Isabella County Human Rights Committee events shine the spotlight on peace, empathy, and justice

The world has struggled with peace in recent years. From reports of war crimes in Ukraine to news coverage of a deadly school shooting in suburban Detroit, it’s easy to feel like there’s little people in Isabella County can do to respond to the issues.

The Isabella County Human Rights Committee wants to help people feel empowered to make change.

One step toward that goal was hosting the Let Peace Reign event in Island Park on Sat., Sept. 17 to celebrate International Day of Peace, which landed on Wed., Sept 21 this year. 

Community members from all over the county came to join in the peace walk around the park and other activities that took place, such as arts and crafts, and a raffle. Food vendors were present, along with museums and libraries from around the area.

New this year was the Human Library, which asks people to serve as  “books.” Each book volunteers to share his or her personal story. Elizabeth Husbands, Chair of the Isabella County Human Rights Committee, says the committee invited people who spent their lives working for human rights serve as books. Instead of going to a library to read about activism, people at the Let Peace Reign had the opportunity to learn from activists themselves.

Mt. Pleasant Police Officer VanDyke and County Commissioner Steve Swaney carried the banner that lead the Peace Walk through Island Park during the 2022 event.(Photo courtesy of the Isabella County Human Rights Committee)Another committee member, Shelly Smith, says the Human Library is a way to connect with people’s stories. The goal is to build more empathy and to people treating each other better.

“Human rights is important and the international human rights organization uses this national day of peace to celebrate and to commemorate human rights, and as the Isabella County Human Rights Committee, we felt like it was only fitting that we do something around that too,” Husbands adds. 

While the primary goal of the event was to promote peace, it also served as a way to spread the word about the committee and its work throughout the community, Husbands says. 

Another visible project that the committee tackled was placing handicapped parking spaces downtown and building shelters at bus stops. While people may have seen the parking spots and shelters, they may not know what the Human Rights Committee helped secure those facilities or that committee members advocate for individuals.

“They don’t know that Isabella County Human Rights Committee is here to listen and to advocate for their rights,” Husbands says. “We can talk to the county commissioners on their behalf if they feel like they've been wronged.”

Smith joined the committee about two years ago and wanted to participate in the human rights movement here in Isabella County because she has always been interested in the topic and thought it was time to take action.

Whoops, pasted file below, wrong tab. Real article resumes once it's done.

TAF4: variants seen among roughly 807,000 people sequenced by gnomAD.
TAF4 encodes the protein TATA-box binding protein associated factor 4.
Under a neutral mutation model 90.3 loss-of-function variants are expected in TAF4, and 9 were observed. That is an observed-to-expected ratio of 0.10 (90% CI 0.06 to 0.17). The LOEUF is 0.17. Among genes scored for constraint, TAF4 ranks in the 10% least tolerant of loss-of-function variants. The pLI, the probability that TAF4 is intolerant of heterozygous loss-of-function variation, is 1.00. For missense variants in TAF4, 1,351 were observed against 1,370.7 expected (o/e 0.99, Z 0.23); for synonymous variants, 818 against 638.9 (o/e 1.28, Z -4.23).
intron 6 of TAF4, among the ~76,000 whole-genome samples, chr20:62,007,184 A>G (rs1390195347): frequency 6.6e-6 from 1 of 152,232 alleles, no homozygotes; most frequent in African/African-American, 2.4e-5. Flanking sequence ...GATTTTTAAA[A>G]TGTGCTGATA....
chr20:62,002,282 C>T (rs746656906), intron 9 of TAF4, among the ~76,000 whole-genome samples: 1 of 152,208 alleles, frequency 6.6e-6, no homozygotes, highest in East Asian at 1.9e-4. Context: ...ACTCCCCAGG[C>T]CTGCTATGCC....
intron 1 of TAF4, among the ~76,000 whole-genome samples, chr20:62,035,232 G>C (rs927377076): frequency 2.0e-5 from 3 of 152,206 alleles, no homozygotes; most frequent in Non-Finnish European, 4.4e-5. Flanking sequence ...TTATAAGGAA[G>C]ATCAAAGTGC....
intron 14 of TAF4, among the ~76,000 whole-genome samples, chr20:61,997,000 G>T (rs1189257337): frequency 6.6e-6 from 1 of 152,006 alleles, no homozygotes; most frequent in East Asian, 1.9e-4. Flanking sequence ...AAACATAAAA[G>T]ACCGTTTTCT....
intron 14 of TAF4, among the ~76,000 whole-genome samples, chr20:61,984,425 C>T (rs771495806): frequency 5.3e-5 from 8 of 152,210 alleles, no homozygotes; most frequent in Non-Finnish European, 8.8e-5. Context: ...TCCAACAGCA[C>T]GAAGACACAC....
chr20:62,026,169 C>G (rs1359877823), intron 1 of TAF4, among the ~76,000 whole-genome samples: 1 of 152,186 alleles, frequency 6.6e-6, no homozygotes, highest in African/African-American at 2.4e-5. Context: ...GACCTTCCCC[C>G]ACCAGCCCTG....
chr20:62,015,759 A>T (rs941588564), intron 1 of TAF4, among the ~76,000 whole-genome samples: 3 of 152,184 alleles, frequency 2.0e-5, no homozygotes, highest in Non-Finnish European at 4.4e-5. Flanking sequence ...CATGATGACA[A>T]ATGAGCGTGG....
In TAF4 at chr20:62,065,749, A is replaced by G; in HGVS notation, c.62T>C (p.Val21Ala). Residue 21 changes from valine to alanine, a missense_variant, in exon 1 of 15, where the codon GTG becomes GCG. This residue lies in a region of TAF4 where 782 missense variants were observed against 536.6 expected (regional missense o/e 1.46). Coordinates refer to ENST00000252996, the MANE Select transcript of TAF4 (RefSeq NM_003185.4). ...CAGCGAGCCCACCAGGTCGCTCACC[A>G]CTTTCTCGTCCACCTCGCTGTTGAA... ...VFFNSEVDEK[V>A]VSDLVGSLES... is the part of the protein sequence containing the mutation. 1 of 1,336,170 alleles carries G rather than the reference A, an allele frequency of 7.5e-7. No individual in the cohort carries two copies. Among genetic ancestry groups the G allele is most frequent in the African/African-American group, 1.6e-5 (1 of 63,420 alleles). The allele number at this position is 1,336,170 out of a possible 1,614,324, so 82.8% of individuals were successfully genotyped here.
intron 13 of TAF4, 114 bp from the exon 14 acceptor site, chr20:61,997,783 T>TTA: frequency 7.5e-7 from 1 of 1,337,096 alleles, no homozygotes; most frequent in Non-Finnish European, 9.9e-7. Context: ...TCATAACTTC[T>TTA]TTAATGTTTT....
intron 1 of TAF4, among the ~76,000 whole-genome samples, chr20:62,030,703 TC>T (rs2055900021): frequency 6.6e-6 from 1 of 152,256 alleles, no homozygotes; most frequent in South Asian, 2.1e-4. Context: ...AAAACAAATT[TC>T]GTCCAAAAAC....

“I appreciate that it's here in our community and wanted to serve in that capacity,” says Smith.

Dr. Maureen Eke joined the committee because she is a human rights scholar, activist and educator. Eke says she is committed to the preservation of human rights and human dignity in part because of her background. She grew up in Nigeria and experienced a civil war from 1967 to 1976 when she was a teenager.

“I am a survivor of genocide, of civil wars that my people did not anticipate, and my people were massacred. I am a survivor of genocide. I don't know how to think of myself outside of fighting for human rights,” Eke says. “I joined because I believed that I could contribute to making this county a peaceful, welcoming, and inclusive place where people's rights are protected and their humanity and dignity are preserved.”

Eke compared her experience in Nigeria what is happening right now in Ukraine. 

“We woke up one morning and we are being bombed,” Eke says. “We couldn't go to school. They bombed villages, they bombed schools, they bombed hospitals, they started using food as a weapon of war, communities were attacked, they invaded our communities, raped women raped young girls, killed us and burned down places.”

The Let Peace Reign provided Isabella County with an opportunity to talk and think about peace locally.

“I think we should all be interested in this event because it creates an opportunity for us as a community to come together for a few hours and do nothing but think about how we can cultivate peace in our community, be at peace with one another and contemplate our own contributions to making peace possible,” Eke says. 

More information about the Isabella County Human Rights Committee and its activities is available on Facebook.

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Read more articles by Addy Wachter.

Addy Wachter is a Grand Haven resident who is currently a student at Central Michigan University. She plans to graduate during the summer of 2023 with a major in photojournalism and a minor in cultural and global studies. Along with working with Epicenter, she is a photographer and writer at Central Michigan Life newspaper who enjoys traveling and exploring new places in her spare time, always taking her camera with her wherever she goes.